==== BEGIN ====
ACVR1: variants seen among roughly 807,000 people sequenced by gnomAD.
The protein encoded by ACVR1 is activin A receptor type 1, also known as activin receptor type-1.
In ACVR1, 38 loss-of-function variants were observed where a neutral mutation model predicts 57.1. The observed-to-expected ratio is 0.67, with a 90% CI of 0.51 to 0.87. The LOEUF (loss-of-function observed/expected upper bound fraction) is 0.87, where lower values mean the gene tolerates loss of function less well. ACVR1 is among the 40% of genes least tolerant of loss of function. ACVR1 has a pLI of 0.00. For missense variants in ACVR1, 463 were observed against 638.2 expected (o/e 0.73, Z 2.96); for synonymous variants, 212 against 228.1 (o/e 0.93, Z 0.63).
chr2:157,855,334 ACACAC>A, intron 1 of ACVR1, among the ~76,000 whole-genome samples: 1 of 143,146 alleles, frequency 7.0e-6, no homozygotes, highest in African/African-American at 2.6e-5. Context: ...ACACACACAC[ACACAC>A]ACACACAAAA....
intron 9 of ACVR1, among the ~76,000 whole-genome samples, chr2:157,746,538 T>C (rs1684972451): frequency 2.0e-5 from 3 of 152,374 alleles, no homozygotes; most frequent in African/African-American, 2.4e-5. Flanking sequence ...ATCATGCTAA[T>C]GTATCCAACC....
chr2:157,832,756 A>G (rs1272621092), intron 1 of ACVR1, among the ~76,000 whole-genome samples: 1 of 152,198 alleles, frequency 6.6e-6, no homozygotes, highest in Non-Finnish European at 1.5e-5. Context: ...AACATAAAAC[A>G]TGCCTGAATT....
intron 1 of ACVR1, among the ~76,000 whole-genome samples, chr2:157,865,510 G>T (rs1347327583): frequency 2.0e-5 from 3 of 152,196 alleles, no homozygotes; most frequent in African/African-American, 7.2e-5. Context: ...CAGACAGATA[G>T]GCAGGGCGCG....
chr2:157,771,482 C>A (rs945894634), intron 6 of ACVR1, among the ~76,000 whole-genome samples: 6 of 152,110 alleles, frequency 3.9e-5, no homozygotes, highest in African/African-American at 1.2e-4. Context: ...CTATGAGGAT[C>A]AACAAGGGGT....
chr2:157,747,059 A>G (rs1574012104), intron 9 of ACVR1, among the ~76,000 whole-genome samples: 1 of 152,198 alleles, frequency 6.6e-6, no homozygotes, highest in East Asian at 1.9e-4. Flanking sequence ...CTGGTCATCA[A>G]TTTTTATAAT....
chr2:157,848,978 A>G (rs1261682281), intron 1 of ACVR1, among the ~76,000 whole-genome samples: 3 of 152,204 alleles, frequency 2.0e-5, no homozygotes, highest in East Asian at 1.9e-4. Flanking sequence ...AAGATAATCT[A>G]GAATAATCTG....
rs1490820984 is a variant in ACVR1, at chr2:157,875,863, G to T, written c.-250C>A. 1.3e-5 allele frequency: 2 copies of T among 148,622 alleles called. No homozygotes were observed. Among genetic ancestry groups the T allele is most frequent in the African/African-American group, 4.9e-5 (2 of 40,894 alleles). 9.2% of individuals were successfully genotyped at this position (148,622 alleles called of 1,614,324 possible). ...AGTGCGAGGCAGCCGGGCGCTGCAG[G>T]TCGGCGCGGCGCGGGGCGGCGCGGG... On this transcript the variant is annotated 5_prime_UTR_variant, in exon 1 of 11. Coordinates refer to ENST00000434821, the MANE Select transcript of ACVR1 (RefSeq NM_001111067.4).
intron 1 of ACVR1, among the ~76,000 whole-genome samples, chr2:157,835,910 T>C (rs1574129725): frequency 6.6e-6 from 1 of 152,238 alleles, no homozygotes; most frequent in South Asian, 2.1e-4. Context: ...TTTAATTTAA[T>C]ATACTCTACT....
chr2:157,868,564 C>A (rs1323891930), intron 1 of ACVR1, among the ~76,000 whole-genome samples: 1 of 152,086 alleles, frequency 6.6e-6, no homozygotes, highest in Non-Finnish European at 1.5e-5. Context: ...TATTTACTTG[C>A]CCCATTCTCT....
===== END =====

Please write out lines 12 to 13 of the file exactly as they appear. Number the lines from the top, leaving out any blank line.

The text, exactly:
intron 1 of ACVR1, among the ~76,000 whole-genome samples, chr2:157,835,910 T>C (rs1574129725): frequency 6.6e-6 from 1 of 152,238 alleles, no homozygotes; most frequent in South Asian, 2.1e-4. Context: ...TTTAATTTAA[T>C]ATACTCTACT....
chr2:157,868,564 C>A (rs1323891930), intron 1 of ACVR1, among the ~76,000 whole-genome samples: 1 of 152,086 alleles, frequency 6.6e-6, no homozygotes, highest in Non-Finnish European at 1.5e-5. Context: ...TATTTACTTG[C>A]CCCATTCTCT....